Cerium is not expected to cross the intact skin after exposure to water-soluble cerium trinitrate. This assumption is based on the qualitative assessment of the physicochemical properties of the substance: cerium would have to dissolve in the moisture on the skin, however, as the solubility of cerium trinitrate rapidly decrease at physiologically relevant pH, no significant uptake by the skin is expected. Although a part of the substance was dissolved, the amount would significantly decrease with time due to the epidermis buffer potential and the formation of unsoluble forms of cerium (e.g. cerium hydroxides) at high pH. Moreover, and prior diffusion through the skin, dissociation to the metal cation is required but for metals and their inorganic compounds partition coefficients are irrelevant. Therefore it is unlikely that cerium trinitrate crosses the stratum corneum.

Cerium trinitrate is not a skin irritant nor a skin sensitizer and thus it is not expected that low dermal absorption is enhanced by the irritant/sensitizer effect on the skin. This assumption is also supported by the low toxicity of cerium trinitrate after single dermal exposure showed in an acute dermal toxicity study.

No toxicological information is available for animals after repeated exposure via dermal route.

In the absence of measured data on dermal absorption, current ECHA guidance (2012) suggests the assignment of either 10% or 100% default dermal absorption rates. However, the currently available scientific evidence on dermal absorption of some metals (e.g. Zn sulphate, Ni acetate; based on the experience from previous EU risk assessments) indicates that lower figures than the lowest proposed default value of 10 % could be expected (HERAG, 2007).

Based on the inherent properties of cerium trinitrate, the toxicological data available and the experience from HERAG, very low dermal absorption is expected. Therefore, a dermal absorption factor of 1% is suggested for risk assessment purposes.

Distribution/accumulation

 

Studies evaluating the distribution of cerium trinitrate in humans or animals are not available, but there is information on other very soluble cerium salts as cerium trichloride. Summarizing, and considering that the irritant potential of the cerium trinitrate to the mucosae after oral or inhalation exposure is estimated less important that the cerium trichloride, the penetration of a small amount of the substance can be facilitated. This phenomenon is covered by the proposed absorption factors. Once cerium is bioavailable, the substance will tend to distribute to the bone, kidney, liver, spleen and lung as confirmed by the abovementioned studies, however the amount distributed in each organ compared to the administer dose is unknown.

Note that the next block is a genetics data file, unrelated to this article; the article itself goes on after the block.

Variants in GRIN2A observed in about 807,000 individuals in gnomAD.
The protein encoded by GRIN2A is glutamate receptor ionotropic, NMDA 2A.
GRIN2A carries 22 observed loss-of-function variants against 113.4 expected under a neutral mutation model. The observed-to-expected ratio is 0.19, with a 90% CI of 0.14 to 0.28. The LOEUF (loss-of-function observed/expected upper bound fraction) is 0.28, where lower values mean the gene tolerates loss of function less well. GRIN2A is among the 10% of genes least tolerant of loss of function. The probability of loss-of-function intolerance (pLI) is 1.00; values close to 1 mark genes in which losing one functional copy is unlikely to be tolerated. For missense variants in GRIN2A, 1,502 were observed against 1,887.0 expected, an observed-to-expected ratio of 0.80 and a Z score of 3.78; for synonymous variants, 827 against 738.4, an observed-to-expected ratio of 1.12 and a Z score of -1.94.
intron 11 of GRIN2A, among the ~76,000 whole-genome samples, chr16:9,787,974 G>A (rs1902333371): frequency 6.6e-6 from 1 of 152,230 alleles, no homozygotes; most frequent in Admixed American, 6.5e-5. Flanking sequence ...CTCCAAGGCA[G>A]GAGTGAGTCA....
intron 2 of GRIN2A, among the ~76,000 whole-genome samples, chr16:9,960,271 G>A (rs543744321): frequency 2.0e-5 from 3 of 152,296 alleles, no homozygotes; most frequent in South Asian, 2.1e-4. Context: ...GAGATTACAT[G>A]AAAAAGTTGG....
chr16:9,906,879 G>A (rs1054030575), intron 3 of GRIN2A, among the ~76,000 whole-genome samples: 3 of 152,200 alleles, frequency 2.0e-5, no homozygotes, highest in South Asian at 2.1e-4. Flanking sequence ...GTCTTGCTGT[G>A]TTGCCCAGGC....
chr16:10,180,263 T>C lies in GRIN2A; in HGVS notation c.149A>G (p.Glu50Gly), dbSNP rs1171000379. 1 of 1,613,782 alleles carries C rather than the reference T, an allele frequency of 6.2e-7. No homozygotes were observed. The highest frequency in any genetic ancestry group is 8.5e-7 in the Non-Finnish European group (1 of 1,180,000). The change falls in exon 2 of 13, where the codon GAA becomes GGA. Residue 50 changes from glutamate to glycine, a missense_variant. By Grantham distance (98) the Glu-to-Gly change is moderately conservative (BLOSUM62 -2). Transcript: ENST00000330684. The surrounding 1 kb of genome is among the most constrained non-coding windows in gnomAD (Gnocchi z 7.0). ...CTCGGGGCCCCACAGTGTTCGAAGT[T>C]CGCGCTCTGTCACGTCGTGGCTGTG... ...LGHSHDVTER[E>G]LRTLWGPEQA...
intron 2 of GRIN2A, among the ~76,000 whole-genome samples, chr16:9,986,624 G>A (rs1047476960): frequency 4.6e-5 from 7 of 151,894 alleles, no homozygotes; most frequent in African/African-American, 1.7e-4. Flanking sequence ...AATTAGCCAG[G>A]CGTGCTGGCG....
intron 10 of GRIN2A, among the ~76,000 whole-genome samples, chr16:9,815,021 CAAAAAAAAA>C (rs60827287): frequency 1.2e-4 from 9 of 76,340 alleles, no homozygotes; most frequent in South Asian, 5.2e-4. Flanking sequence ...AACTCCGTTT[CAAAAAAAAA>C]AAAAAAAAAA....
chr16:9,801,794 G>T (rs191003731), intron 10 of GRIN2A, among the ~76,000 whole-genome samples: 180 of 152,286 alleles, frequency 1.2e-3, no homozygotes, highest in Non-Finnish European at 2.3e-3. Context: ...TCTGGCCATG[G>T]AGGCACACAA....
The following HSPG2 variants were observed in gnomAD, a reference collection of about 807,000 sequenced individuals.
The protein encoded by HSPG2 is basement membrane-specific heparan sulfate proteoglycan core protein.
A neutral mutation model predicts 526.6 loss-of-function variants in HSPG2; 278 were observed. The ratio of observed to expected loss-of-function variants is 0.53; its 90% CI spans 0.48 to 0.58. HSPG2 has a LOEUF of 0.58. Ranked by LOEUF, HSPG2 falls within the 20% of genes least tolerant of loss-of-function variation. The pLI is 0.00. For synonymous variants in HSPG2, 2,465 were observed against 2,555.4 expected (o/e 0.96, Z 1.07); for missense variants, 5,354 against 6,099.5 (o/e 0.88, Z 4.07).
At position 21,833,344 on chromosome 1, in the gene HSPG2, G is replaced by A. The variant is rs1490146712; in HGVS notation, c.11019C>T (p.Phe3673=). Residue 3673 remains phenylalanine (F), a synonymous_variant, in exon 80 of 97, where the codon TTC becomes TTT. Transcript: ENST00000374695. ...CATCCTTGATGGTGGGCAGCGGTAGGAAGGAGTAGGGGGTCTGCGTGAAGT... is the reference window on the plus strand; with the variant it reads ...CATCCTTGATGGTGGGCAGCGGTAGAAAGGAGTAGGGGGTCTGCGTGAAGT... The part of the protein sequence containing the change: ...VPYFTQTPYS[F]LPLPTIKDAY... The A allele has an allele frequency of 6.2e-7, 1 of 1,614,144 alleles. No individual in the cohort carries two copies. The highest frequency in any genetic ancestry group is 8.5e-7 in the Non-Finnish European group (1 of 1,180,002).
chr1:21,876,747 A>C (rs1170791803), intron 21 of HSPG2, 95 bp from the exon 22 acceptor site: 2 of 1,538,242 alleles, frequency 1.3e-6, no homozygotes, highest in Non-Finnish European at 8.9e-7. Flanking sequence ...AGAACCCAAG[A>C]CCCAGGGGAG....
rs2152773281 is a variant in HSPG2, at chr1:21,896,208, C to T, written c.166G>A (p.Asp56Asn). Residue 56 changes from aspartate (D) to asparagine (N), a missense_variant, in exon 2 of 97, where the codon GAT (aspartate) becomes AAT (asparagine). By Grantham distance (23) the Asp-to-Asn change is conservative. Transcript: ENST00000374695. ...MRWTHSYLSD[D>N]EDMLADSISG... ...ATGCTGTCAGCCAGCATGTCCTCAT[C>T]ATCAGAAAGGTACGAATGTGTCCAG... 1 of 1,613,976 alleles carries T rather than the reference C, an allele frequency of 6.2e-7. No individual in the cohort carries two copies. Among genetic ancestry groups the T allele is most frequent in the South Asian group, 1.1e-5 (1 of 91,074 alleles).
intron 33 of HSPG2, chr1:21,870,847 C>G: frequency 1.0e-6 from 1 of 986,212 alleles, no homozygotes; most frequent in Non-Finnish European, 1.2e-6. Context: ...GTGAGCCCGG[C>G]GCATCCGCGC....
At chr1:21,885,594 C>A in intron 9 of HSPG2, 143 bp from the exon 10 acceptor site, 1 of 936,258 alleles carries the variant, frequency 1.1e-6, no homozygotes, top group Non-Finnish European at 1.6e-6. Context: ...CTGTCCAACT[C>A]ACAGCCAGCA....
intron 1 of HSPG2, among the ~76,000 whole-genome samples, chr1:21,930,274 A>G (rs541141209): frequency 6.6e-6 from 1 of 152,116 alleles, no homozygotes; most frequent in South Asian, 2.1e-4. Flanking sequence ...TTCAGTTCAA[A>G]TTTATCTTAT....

Studies with cerium trichloride seem to indicate that the distributed cerium would be localized in the cell, particularly in the lysosomes, where it is concentrated and precipitated in an insoluble form in association with phosphorus.

Regarding the potential accumulation of bioavailable cerium after exposure to cerium trinitrate, the available animal information is insufficient to provide adequate data. Therefore, and based on all the above mentioned data, accumulation of the very small bioavailable fraction of cerium after exposure to cerium trinitrate cannot be totally excluded. However, the assessment of bioaccumulation potential in aquatic and terrestrial organisms of cerium trinitrate included in this dossier indicates that the substance has a low potential for bioaccumulation and that the bioaccumulation decreases when ascending the food chain. Thus, for risk assessment purposes it is proposed to consider that cerium trinitrate shows low accumulation potential in humans.

Metabolism

As an element, cerium is neither created nor destroyed within the body. Experimental data have not demonstrated a change in the oxidation state of the cerium molecule in the body.

Cerium trinitrate was demonstrated not to be mutagenic in vitro, in the absence and presence of metabolic activation.

Studies evaluating the potential impact on general metabolism after exposure to cerium trichloride are available. These data indicate that it can have an effect in the activity of cytochrome isoenzymes .

Excretion

Studies evaluating the excretion of bioavailable cerium trinitrate in humans or animals are not available. Although quantitative estimates of cerium elimination are rare, it appears that the primary route of elimination for cerium, whether inhaled, ingested, or injected, is through the feces, with small (generally < 10%) amounts eliminated in the urine (Lustgarten et al., 1976; Durbin et al., 1956). It has been suggested that the fecel excretion of systematically absorbed cerium is due to elimination in the bile (Lustgarten et al., 1976), since hepatic clearance was due primarily to biliary function.